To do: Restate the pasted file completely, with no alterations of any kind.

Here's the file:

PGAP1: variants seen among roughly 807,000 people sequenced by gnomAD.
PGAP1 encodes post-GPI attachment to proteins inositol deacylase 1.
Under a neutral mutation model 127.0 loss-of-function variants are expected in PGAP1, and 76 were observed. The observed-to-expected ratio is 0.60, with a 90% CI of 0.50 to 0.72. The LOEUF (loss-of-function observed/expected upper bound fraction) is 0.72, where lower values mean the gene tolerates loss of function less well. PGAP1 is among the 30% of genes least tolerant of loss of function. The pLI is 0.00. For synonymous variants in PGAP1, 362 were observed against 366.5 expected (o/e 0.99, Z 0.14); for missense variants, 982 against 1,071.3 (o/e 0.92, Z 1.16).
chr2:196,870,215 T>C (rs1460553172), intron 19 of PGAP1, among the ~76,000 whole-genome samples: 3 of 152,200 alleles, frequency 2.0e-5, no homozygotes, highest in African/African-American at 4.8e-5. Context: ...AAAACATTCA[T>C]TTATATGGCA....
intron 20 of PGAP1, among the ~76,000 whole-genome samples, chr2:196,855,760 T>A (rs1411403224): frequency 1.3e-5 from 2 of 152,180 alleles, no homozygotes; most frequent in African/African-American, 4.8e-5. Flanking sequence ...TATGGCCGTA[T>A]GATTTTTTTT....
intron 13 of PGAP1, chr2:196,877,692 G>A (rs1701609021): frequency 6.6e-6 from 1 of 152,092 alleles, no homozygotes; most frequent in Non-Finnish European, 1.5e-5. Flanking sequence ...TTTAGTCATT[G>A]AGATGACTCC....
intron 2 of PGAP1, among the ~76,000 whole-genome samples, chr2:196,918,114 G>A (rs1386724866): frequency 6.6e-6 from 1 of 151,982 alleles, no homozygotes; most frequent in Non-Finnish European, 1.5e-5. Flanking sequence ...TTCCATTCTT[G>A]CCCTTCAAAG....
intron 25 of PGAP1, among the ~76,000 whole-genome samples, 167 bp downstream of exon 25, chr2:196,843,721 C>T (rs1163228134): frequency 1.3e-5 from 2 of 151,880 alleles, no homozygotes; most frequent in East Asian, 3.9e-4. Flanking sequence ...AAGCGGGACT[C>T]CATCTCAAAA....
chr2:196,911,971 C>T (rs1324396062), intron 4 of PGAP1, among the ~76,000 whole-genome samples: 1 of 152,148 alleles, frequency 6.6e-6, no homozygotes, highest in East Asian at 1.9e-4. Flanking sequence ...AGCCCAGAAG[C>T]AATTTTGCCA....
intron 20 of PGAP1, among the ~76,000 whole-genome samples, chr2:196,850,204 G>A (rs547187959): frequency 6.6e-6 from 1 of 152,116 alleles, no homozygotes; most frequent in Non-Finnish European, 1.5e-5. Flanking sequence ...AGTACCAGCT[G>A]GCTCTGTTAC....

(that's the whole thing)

PGAP1: variants seen among roughly 807,000 people sequenced by gnomAD.
PGAP1 encodes post-GPI attachment to proteins inositol deacylase 1.
Under a neutral mutation model 127.0 loss-of-function variants are expected in PGAP1, and 76 were observed. The observed-to-expected ratio is 0.60, with a 90% CI of 0.50 to 0.72. The LOEUF (loss-of-function observed/expected upper bound fraction) is 0.72, where lower values mean the gene tolerates loss of function less well. PGAP1 is among the 30% of genes least tolerant of loss of function. The pLI is 0.00. For synonymous variants in PGAP1, 362 were observed against 366.5 expected (o/e 0.99, Z 0.14); for missense variants, 982 against 1,071.3 (o/e 0.92, Z 1.16).
chr2:196,870,215 T>C (rs1460553172), intron 19 of PGAP1, among the ~76,000 whole-genome samples: 3 of 152,200 alleles, frequency 2.0e-5, no homozygotes, highest in African/African-American at 4.8e-5. Context: ...AAAACATTCA[T>C]TTATATGGCA....
intron 20 of PGAP1, among the ~76,000 whole-genome samples, chr2:196,855,760 T>A (rs1411403224): frequency 1.3e-5 from 2 of 152,180 alleles, no homozygotes; most frequent in African/African-American, 4.8e-5. Flanking sequence ...TATGGCCGTA[T>A]GATTTTTTTT....
intron 13 of PGAP1, chr2:196,877,692 G>A (rs1701609021): frequency 6.6e-6 from 1 of 152,092 alleles, no homozygotes; most frequent in Non-Finnish European, 1.5e-5. Flanking sequence ...TTTAGTCATT[G>A]AGATGACTCC....
intron 2 of PGAP1, among the ~76,000 whole-genome samples, chr2:196,918,114 G>A (rs1386724866): frequency 6.6e-6 from 1 of 151,982 alleles, no homozygotes; most frequent in Non-Finnish European, 1.5e-5. Flanking sequence ...TTCCATTCTT[G>A]CCCTTCAAAG....
intron 25 of PGAP1, among the ~76,000 whole-genome samples, 167 bp downstream of exon 25, chr2:196,843,721 C>T (rs1163228134): frequency 1.3e-5 from 2 of 151,880 alleles, no homozygotes; most frequent in East Asian, 3.9e-4. Flanking sequence ...AAGCGGGACT[C>T]CATCTCAAAA....
chr2:196,911,971 C>T (rs1324396062), intron 4 of PGAP1, among the ~76,000 whole-genome samples: 1 of 152,148 alleles, frequency 6.6e-6, no homozygotes, highest in East Asian at 1.9e-4. Flanking sequence ...AGCCCAGAAG[C>T]AATTTTGCCA....
intron 20 of PGAP1, among the ~76,000 whole-genome samples, chr2:196,850,204 G>A (rs547187959): frequency 6.6e-6 from 1 of 152,116 alleles, no homozygotes; most frequent in Non-Finnish European, 1.5e-5. Flanking sequence ...AGTACCAGCT[G>A]GCTCTGTTAC....